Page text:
Caol Ila 9-year-old Small Batch (Dalgety)



Long-term readers of the blog will be aware that I like to spend some time delving into the history and folklore that surrounds Scotland and its distileries. However, sometimes my schedule gets a little congested and rather than stop the reviews altogether I shorten the format a little and cut straight to the point. This will be another of those quick-hit reviews. if you want to know more about the distillery or the bottler, there are links below.

Dalgety is an independent bottling label from the team at Hannah Whisky Merchants (Lady of the Glen). The spirit was distilled at Caol Ila on the isle of Islay and was matured for a total of 9 years with around 24 months spent in an ex-Amarone Italian red wine barrique. This is a vatting of two casks with an outturn of around 404 bottles. Bottled at 50.5% ABV.

Smell: The first impression feels like sticking your nose in a jar of raspberry jam whilst sitting by a campfire. There’s smoke and ash and black pepper. Red liquorice. Blackcurrant. A little malty too with some honey and a touch of lemon.

Taste: Raspberry and blackcurrant. Cherry cola. Charcoal and tar. Lots of oak tannis towards the back. Bitter dark chocolate. The smoke is actually quite subdued. Interesting finish – it almost evaporates off the tongue, leaving a dry finish with distant, lingering smoke and retronasal aromas of salty driftwood!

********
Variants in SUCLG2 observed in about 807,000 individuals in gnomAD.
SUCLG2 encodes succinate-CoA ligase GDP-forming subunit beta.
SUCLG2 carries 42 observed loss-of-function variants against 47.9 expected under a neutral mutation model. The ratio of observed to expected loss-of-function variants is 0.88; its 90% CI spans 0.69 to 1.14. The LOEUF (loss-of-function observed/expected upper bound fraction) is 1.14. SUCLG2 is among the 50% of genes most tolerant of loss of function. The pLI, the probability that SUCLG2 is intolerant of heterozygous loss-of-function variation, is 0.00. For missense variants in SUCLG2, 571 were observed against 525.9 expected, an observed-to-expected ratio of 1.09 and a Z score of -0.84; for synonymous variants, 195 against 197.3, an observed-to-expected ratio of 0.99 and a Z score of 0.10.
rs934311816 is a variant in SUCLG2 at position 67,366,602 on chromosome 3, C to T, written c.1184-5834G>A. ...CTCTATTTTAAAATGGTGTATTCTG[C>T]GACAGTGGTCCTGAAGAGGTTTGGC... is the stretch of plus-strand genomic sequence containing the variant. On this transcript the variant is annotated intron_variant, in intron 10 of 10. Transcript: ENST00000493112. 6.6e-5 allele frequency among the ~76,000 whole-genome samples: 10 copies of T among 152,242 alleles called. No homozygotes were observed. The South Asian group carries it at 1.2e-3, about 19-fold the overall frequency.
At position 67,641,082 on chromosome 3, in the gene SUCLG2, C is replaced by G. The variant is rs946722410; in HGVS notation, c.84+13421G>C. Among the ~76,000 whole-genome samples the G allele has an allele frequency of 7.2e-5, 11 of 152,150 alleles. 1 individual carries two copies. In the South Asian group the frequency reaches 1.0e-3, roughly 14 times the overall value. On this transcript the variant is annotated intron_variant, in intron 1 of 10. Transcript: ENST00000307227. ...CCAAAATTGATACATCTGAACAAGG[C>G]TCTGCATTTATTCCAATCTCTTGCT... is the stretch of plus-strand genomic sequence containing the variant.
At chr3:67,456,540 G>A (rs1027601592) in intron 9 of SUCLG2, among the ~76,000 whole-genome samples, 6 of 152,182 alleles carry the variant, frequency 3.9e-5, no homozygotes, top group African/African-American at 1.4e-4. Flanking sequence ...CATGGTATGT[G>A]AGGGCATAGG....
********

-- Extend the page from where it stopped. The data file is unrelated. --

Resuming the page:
Thoughts: The world is not short of independently bottled Caol Ila but it’s a whisky that takes well to different finishing casks and this Dalgety bottling is quite unusual. The smoke has dulled, particularly on the palate and what’s left is an interesting combination of sweet, sugary fruits and dry tannic oak. The Amarone is a big old wine but thankfully, there are a few reminders: a wee bit of saltiness here, a bit of brine there, that keep the experience rooted in Islay but it very much feels like a new interpretation of this well known whisky. To be fair, it’s also bloody delicious. Maybe it might disappoint if you’re looking for an explosion of peat but if you’re well versed in Islay malts, this will be a fun new spin on the genre.

Price: £70. Islay malts don’t come cheap. It’s one of the great tragedies of our time. By current standards, £70 is probably pretty decent for such a good Caol Ila.

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